By Manouk Akopyan
Anthony Dirrell is currently the proud owner of the WBC super middleweight championship.
But he didn’t necessarily take it away from the previous owner. The heralded green belt fell in his lap after David Benavidez was stripped of his title for failing a drug test last year.
Dirrell outpointed Avni Yildirim in February to take the vacant title just as Benavidez was serving a year-long suspension. It was the second time Dirrell won the 168-pound belt, having done so once before in 2014 when he bested Sakio Bika. Dirrell never successfully defended his title, however, promptly losing it to Badou Jack in his next fight.
Dirrell doesn’t want history to repeat itself, as Benavidez will be coming for the belt he was forced to forfeit when the two face-off on Sept. 28. The matchup will be the co-featured fight to the Errol Spence Jr.-Shawn Porter showdown on FOX pay-per-view.
The 34-year-old Flint, Michigan fighter has no intentions of being a temporary placeholder, he told Boxing Scene in an interview.
“I’m looking for the knockout, just like I know he will be. I’m ready to go 12 rounds, and that belt is staying home with me,” said Dirrell. “A win is a win no matter how it comes.”
Dirrell will walk into the ring 12-years senior than his 22-year-old counterpart. He said he will lean heavily on his experience and fight back with hopes of fending off the favorite-to-win Benavidez.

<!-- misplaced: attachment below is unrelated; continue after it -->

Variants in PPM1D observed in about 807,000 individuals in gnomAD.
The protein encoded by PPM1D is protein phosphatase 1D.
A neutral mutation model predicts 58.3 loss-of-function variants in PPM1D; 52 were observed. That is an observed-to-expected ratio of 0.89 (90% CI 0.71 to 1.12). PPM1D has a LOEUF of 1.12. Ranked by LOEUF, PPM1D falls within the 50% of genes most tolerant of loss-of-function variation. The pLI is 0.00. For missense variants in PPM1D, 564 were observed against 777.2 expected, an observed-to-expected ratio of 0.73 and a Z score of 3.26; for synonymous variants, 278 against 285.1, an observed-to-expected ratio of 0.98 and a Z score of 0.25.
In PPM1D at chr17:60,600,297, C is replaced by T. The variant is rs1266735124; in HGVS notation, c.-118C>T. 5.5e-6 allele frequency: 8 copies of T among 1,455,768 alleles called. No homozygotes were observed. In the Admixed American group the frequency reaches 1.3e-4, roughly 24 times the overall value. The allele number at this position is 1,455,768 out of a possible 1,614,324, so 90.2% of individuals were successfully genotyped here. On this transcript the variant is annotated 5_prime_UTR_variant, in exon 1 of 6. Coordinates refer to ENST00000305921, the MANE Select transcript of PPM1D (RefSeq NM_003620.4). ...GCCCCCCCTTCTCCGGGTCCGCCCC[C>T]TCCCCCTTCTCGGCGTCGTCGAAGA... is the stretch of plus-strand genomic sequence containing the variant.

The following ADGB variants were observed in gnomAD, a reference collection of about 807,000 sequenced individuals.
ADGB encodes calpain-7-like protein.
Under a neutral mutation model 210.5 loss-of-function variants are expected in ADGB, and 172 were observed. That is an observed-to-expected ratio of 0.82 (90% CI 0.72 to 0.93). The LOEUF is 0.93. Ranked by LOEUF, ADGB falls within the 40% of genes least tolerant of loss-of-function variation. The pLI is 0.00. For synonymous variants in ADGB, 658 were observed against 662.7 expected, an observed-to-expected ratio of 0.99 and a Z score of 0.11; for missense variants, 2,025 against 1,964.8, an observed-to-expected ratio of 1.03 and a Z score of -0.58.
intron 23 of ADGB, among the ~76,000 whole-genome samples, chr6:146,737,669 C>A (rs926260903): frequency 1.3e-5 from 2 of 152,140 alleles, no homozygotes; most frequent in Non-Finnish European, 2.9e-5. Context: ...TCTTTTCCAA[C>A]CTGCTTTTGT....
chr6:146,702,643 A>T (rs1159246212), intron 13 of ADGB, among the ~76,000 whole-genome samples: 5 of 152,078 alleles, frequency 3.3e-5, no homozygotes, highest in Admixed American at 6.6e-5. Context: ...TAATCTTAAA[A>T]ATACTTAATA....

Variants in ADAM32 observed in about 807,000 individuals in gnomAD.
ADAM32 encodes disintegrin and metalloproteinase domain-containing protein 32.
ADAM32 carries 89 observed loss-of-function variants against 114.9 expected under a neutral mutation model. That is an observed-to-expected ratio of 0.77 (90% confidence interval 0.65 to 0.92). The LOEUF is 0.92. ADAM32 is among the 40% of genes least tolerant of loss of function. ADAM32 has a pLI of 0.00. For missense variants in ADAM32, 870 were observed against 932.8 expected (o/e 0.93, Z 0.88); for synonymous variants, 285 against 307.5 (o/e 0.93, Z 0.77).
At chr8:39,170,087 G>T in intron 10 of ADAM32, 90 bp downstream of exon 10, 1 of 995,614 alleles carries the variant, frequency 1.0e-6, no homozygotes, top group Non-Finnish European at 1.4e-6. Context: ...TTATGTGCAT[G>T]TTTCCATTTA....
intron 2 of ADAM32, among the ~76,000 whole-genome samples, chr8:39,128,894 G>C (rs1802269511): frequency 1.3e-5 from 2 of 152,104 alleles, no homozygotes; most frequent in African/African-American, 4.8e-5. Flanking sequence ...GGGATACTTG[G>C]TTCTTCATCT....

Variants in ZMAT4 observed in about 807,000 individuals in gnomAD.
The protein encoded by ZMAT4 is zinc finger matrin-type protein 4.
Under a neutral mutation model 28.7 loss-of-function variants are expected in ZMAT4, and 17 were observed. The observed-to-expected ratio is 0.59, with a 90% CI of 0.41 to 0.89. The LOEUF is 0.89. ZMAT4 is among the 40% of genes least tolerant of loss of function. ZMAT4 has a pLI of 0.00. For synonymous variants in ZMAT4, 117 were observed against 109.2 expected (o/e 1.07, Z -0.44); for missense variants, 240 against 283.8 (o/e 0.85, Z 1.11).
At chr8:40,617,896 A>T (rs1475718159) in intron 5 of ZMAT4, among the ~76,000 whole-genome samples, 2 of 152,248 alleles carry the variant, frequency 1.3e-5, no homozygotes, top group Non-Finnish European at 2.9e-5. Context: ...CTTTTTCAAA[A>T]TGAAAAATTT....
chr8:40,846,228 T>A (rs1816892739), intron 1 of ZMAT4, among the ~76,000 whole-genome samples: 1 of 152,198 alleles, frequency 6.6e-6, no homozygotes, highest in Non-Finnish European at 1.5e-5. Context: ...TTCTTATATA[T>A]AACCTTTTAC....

“He’s a come-forward fighter and is going to bring the pressure no matter what,” said Dirrell. “That’s what the fans want to see, but I’m going to break him down and win this fight. I know I can do it."
Dirrell said the hardest part preparing for Benavidez is simply being isolated away from his family, but that won’t prove to be a distraction throughout camp.
Jack is the only fighter who has made multiple defenses of the 168-pound WBC belt (three times) this decade among the six total titleholders. Dirrell is embracing the opportunity he failed to seize in his first go-round defending his crown.
"Being an underdog is great, it motivates me,” said Dirrell. “I'm fine with it because I can prove everybody wrong at the end of the day. It's about making history, and you can't make history if you don't go in there and take a chance.”
Manouk Akopyan has been a member of the Boxing Writers Assn. of America since 2011 and has written for the Los Angeles Times, USA Today, the Guardian and Philadelphia Inquirer. He can reached on Twitter, Instagram and YouTube at @ManoukAkopyan or via email at [email protected].